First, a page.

7. Implement measures to limit pressure on the environment

To anticipate the tourist season, and limit pressure on the environment, programs can be set up right from the start of the season to raise awareness of waste management and the preservation of local flora and fauna, typically in partnership with relevant local organizations (associations, etc.). 

Peaks in visitor numbers or over-tourism practices require day-to-day management to limit or reduce impacts on natural areas.

8. Plan solutions for managing tourist flows

Always in line with knowing visitor numbers in previous seasons, and reducing pressures on the environment, it is possible to anticipate peak periods and propose alternatives to distribute visitors over different attractions or regions. 

In Acadia National Park, for example, visitor count data can be used to identify the busiest sections and times on their carriage roads. Visitor counts can be viewed as broadly as month by month, or as precisely as hour by hour. 

From there, the data is used by park managers to redirect pedestrians and cyclists to avoid saturation on a single route. Their aim is to preserve the quality of the visitor experience, making sure that the peace and tranquility of the park can be maintained. Beyond this, they can even better manage their carriage and bike tours, making sure to choose routes on the day of that best avoid heavy congestion and crowding.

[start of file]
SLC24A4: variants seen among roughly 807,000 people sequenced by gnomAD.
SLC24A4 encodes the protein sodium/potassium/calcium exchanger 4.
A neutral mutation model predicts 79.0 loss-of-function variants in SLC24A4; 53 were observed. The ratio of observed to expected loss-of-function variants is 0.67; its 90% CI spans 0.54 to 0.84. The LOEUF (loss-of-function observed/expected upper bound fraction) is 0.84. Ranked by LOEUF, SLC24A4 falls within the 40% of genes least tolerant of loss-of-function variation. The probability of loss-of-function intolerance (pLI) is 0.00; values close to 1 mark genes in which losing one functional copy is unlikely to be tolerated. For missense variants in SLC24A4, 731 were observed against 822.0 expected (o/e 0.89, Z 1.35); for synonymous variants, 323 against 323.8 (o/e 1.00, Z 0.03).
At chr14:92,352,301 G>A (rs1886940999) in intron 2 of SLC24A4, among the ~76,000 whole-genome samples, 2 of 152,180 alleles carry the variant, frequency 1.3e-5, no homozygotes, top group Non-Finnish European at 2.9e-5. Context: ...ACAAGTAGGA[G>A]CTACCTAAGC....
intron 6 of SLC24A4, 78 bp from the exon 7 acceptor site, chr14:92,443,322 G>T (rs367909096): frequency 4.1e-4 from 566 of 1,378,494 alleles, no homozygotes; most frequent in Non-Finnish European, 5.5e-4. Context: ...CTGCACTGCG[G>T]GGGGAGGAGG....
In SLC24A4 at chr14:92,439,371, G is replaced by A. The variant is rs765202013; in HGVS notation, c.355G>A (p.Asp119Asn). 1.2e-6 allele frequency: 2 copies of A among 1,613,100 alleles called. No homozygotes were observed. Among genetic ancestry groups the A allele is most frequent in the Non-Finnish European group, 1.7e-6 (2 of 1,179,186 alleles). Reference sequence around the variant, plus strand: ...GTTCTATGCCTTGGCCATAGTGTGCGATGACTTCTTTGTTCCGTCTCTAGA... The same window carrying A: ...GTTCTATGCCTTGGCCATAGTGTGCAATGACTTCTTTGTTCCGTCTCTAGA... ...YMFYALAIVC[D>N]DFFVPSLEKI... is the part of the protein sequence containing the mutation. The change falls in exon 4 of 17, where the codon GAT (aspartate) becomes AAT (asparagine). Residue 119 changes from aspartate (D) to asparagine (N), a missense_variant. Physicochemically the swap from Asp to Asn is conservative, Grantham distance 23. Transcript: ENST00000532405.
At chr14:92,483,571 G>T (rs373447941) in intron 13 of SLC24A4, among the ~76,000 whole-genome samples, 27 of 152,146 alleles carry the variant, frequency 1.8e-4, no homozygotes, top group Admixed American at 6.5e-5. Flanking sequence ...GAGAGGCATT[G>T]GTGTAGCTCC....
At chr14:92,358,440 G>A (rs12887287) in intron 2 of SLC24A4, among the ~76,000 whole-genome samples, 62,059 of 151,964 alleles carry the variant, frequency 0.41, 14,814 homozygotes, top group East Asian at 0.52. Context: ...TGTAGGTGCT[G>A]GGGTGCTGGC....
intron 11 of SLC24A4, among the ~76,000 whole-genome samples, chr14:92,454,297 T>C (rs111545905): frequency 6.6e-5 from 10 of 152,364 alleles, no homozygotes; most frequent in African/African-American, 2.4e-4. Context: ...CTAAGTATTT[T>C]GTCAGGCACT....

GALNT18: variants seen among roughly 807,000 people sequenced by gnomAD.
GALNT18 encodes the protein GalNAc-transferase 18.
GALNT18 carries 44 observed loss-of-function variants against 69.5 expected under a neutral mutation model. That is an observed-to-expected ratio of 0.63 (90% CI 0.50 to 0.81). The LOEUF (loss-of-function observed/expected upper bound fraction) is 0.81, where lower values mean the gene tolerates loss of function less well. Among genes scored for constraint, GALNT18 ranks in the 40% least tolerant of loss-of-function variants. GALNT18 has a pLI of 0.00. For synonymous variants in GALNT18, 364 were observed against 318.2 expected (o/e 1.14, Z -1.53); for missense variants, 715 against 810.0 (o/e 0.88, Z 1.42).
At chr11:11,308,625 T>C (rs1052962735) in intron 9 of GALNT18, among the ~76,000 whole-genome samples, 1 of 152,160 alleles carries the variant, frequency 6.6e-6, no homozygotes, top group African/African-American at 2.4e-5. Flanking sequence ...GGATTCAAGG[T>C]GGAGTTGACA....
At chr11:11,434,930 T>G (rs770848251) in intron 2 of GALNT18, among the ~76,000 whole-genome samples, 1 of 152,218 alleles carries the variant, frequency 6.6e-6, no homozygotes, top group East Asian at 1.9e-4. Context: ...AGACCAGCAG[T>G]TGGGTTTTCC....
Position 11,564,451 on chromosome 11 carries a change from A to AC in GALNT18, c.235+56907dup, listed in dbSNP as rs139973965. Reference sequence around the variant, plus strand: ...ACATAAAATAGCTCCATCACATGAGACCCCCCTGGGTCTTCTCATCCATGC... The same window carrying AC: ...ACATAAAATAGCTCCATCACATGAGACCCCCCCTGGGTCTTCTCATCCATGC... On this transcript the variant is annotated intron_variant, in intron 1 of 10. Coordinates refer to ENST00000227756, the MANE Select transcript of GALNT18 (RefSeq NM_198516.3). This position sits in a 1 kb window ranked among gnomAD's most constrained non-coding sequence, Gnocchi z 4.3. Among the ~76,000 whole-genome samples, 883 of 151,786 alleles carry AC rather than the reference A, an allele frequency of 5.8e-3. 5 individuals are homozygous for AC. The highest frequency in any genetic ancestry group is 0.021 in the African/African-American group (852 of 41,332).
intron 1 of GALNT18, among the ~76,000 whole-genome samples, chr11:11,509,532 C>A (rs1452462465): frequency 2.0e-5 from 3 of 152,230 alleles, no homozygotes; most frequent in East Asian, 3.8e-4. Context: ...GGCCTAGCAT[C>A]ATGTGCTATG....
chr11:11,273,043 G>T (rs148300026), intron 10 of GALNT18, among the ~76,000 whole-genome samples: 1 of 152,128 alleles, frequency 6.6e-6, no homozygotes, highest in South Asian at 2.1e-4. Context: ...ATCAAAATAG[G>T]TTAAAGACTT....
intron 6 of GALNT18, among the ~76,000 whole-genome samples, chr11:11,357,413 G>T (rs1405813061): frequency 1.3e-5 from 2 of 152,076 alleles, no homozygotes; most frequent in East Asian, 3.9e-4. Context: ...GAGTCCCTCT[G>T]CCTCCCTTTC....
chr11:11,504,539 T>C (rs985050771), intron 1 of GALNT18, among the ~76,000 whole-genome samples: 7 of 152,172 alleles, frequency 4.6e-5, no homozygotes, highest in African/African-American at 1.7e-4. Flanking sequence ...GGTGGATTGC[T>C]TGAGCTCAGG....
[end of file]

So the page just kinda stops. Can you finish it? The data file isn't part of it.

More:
9. Monitor and adjust over the course of the season

And because not everything can be anticipated before the season starts, it’s also important to prepare a system for monitoring the key indicators. Using dashboards, you can share data with all interested parties, react quickly during the season, and analyze the results at the end. 

Example of a dashboard used to monitor several sites, directly in the Eco-Visio software, to make the right day-to-day management decisions during the tourist season. 


10. Communicate results with partners

Once the season is over, the results can be shared with all your partners to create an assessment of the season. 


Our Eco-Visio platform provides you with the business expertise you need, from footfall indicators to more in-depth studies, saving you precious time in producing this type of report. 

Pre-designed dashboards enable you to save your key figures and easily create hourly, weekly and monthly profiles. You can also obtain an overview of your sites, as well as a breakdown by site to identify the most frequented locations and special features. 

If additional studies are created on profiles, behaviors or economic benefits, they are also a formidable communication tool, to be shared with partners and the press. 

See how the University of New Orleans used infographics and reports to communicate their bike count data to the public. 

Sharing via the web

National, regional and local observatories are also flourishing on the web. They enable different kinds of data exploration, and easier access to visitor data. See, for example, the City of Baltimore public webpage, allowing every citizen to explore bicycle trends online.